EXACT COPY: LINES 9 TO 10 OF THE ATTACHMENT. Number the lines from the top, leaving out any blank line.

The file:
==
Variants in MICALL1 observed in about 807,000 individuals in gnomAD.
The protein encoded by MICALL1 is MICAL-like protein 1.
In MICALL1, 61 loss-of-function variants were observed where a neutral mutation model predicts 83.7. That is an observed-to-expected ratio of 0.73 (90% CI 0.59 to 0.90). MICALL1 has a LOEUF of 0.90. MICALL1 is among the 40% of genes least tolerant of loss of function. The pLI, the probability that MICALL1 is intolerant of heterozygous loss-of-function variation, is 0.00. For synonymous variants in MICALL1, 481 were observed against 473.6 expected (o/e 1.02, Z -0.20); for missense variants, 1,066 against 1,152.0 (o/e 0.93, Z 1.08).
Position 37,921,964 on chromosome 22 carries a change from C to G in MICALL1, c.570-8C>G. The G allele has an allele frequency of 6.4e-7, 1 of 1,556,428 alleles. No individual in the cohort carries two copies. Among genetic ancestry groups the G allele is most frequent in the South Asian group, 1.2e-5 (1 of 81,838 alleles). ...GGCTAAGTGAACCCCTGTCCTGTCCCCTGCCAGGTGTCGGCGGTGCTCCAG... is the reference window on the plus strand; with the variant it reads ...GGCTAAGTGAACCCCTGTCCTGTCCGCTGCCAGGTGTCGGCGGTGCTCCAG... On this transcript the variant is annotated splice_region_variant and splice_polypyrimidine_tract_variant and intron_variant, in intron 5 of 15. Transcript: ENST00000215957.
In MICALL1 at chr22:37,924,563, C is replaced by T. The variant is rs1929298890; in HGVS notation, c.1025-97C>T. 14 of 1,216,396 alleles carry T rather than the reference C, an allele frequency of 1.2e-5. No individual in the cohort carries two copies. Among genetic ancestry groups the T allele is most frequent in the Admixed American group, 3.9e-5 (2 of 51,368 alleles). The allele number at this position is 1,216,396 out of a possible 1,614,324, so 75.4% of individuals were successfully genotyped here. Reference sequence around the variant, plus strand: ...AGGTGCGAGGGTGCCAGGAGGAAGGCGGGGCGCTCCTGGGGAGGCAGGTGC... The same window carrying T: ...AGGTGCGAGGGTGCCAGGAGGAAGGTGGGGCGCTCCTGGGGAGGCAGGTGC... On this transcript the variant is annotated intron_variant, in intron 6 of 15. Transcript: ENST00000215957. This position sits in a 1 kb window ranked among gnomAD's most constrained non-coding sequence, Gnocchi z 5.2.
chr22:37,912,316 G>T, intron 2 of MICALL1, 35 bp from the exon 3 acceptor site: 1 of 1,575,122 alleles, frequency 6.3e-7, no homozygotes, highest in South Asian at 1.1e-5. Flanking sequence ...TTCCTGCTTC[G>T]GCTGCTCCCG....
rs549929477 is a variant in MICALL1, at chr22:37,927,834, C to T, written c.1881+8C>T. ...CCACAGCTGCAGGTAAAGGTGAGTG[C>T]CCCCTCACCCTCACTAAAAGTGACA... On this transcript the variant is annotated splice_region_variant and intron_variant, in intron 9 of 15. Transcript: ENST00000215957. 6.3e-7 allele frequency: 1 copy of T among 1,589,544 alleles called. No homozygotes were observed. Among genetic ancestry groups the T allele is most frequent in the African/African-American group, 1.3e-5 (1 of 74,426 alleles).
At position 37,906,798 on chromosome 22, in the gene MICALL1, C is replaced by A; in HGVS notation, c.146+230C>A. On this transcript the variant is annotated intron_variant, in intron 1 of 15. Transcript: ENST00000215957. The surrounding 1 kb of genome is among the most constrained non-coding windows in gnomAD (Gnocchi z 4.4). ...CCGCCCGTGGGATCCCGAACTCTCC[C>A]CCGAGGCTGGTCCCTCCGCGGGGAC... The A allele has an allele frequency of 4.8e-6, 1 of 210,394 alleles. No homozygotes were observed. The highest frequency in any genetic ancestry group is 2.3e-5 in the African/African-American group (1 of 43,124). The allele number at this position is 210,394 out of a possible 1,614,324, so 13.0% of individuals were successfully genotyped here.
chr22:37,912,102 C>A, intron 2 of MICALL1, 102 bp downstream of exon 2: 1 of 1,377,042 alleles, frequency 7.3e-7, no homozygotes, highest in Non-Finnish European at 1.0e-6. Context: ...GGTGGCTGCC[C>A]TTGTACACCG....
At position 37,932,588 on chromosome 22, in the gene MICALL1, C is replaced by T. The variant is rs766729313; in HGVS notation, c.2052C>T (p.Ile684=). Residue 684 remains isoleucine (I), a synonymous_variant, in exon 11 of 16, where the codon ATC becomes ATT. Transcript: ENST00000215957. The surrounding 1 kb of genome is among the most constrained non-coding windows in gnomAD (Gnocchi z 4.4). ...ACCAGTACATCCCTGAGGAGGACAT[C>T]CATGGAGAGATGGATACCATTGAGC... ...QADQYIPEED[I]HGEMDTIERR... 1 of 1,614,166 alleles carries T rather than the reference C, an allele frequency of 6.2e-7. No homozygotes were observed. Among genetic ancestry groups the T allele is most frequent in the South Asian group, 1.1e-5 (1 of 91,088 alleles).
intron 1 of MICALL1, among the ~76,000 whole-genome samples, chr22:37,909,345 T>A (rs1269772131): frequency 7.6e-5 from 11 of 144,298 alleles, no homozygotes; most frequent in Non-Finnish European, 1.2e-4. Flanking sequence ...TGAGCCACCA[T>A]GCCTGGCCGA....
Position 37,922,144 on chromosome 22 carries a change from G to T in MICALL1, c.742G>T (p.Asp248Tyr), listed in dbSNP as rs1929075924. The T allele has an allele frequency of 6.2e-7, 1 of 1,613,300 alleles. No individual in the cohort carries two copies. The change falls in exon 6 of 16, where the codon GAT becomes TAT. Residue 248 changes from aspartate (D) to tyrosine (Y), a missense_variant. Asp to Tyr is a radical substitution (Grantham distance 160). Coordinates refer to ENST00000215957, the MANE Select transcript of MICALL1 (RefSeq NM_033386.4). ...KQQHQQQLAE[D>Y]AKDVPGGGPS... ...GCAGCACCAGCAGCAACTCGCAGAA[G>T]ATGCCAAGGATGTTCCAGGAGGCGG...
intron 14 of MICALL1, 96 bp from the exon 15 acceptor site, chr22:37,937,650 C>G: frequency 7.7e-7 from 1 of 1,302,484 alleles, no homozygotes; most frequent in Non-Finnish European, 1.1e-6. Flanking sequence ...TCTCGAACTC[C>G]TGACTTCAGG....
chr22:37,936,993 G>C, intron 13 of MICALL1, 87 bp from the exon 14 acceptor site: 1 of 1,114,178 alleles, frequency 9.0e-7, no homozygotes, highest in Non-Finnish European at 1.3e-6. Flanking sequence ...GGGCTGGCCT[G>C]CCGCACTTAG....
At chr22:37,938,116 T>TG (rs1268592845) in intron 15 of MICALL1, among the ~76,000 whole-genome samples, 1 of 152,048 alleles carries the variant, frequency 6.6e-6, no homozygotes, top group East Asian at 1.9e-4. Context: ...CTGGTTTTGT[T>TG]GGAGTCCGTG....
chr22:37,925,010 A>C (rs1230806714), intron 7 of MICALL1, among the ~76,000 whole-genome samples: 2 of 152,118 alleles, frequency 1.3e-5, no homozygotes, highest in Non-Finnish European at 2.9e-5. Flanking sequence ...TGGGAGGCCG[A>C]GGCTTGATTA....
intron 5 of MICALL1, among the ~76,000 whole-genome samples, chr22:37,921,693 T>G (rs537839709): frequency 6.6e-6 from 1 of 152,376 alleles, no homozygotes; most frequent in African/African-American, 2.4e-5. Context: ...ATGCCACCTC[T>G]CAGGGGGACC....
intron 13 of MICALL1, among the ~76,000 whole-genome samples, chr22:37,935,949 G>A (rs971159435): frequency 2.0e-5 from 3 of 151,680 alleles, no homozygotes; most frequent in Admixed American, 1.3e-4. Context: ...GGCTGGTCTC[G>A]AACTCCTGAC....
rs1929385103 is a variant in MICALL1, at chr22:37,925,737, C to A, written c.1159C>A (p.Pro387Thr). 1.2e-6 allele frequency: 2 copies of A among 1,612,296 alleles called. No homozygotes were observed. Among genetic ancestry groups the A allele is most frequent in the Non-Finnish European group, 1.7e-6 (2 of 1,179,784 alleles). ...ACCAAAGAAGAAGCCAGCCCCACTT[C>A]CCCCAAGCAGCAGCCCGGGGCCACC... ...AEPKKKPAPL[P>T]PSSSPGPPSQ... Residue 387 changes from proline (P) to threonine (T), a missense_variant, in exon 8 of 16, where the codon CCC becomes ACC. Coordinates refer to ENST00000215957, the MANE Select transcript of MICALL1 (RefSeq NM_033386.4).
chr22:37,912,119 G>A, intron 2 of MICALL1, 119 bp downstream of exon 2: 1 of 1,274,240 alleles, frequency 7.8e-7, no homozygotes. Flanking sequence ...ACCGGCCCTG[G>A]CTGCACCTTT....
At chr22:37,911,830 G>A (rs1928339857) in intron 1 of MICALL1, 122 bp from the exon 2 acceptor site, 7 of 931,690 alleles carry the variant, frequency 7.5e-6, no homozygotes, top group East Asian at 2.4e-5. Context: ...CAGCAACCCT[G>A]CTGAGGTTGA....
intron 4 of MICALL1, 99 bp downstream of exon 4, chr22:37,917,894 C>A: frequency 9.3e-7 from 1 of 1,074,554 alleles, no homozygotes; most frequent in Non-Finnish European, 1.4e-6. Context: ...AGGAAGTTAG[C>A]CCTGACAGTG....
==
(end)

chr22:37,912,102 C>A, intron 2 of MICALL1, 102 bp downstream of exon 2: 1 of 1,377,042 alleles, frequency 7.3e-7, no homozygotes, highest in Non-Finnish European at 1.0e-6. Context: ...GGTGGCTGCC[C>A]TTGTACACCG....
At position 37,932,588 on chromosome 22, in the gene MICALL1, C is replaced by T. The variant is rs766729313; in HGVS notation, c.2052C>T (p.Ile684=). Residue 684 remains isoleucine (I), a synonymous_variant, in exon 11 of 16, where the codon ATC becomes ATT. Transcript: ENST00000215957. The surrounding 1 kb of genome is among the most constrained non-coding windows in gnomAD (Gnocchi z 4.4). ...ACCAGTACATCCCTGAGGAGGACAT[C>T]CATGGAGAGATGGATACCATTGAGC... ...QADQYIPEED[I]HGEMDTIERR... 1 of 1,614,166 alleles carries T rather than the reference C, an allele frequency of 6.2e-7. No homozygotes were observed. Among genetic ancestry groups the T allele is most frequent in the South Asian group, 1.1e-5 (1 of 91,088 alleles).